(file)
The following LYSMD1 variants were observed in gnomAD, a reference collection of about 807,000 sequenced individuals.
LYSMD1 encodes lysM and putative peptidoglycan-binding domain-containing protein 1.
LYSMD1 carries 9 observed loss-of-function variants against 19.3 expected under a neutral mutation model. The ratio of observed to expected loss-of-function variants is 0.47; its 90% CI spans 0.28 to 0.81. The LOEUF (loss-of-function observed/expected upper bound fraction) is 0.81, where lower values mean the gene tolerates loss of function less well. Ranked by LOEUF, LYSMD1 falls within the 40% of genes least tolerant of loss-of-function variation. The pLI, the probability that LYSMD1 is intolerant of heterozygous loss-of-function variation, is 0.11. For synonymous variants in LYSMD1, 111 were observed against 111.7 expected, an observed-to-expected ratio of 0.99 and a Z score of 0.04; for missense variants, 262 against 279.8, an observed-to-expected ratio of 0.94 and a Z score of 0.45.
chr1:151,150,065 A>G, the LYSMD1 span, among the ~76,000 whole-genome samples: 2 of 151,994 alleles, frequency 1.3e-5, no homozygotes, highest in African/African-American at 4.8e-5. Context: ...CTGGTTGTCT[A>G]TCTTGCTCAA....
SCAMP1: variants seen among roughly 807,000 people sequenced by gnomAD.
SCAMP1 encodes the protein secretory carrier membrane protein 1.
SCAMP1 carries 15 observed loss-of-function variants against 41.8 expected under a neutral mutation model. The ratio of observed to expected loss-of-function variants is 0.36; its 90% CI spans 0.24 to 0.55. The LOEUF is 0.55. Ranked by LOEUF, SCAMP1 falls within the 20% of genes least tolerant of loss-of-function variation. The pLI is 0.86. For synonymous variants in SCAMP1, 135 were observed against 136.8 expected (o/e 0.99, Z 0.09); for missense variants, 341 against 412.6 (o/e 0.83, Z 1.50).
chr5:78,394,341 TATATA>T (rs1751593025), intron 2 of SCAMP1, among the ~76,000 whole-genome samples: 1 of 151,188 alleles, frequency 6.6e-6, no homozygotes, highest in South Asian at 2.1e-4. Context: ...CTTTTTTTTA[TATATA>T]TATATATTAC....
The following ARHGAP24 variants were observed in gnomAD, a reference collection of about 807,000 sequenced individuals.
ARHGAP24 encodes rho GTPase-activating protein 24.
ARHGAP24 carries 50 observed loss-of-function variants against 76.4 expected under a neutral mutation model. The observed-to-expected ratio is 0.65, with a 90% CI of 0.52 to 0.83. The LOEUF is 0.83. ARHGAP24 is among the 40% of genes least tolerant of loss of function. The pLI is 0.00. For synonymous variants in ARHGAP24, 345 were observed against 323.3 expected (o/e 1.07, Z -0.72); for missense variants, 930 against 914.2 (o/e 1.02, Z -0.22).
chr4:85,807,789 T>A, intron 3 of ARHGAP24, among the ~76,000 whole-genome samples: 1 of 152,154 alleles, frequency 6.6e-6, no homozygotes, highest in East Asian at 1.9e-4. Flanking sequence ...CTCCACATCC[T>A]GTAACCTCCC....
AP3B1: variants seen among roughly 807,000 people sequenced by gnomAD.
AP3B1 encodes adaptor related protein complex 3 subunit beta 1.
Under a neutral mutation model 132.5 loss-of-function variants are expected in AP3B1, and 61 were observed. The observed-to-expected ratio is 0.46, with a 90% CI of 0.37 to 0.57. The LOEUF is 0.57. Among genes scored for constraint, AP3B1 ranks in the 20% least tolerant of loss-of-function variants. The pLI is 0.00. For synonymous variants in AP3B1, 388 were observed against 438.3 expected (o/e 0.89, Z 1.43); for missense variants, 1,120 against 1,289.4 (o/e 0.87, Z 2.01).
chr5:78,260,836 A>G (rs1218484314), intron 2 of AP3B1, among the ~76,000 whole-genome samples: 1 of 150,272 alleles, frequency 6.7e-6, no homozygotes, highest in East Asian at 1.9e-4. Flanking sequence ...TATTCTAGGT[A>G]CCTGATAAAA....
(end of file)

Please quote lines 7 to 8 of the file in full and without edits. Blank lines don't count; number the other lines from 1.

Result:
SCAMP1 carries 15 observed loss-of-function variants against 41.8 expected under a neutral mutation model. The ratio of observed to expected loss-of-function variants is 0.36; its 90% CI spans 0.24 to 0.55. The LOEUF is 0.55. Ranked by LOEUF, SCAMP1 falls within the 20% of genes least tolerant of loss-of-function variation. The pLI is 0.86. For synonymous variants in SCAMP1, 135 were observed against 136.8 expected (o/e 0.99, Z 0.09); for missense variants, 341 against 412.6 (o/e 0.83, Z 1.50).
chr5:78,394,341 TATATA>T (rs1751593025), intron 2 of SCAMP1, among the ~76,000 whole-genome samples: 1 of 151,188 alleles, frequency 6.6e-6, no homozygotes, highest in South Asian at 2.1e-4. Context: ...CTTTTTTTTA[TATATA>T]TATATATTAC....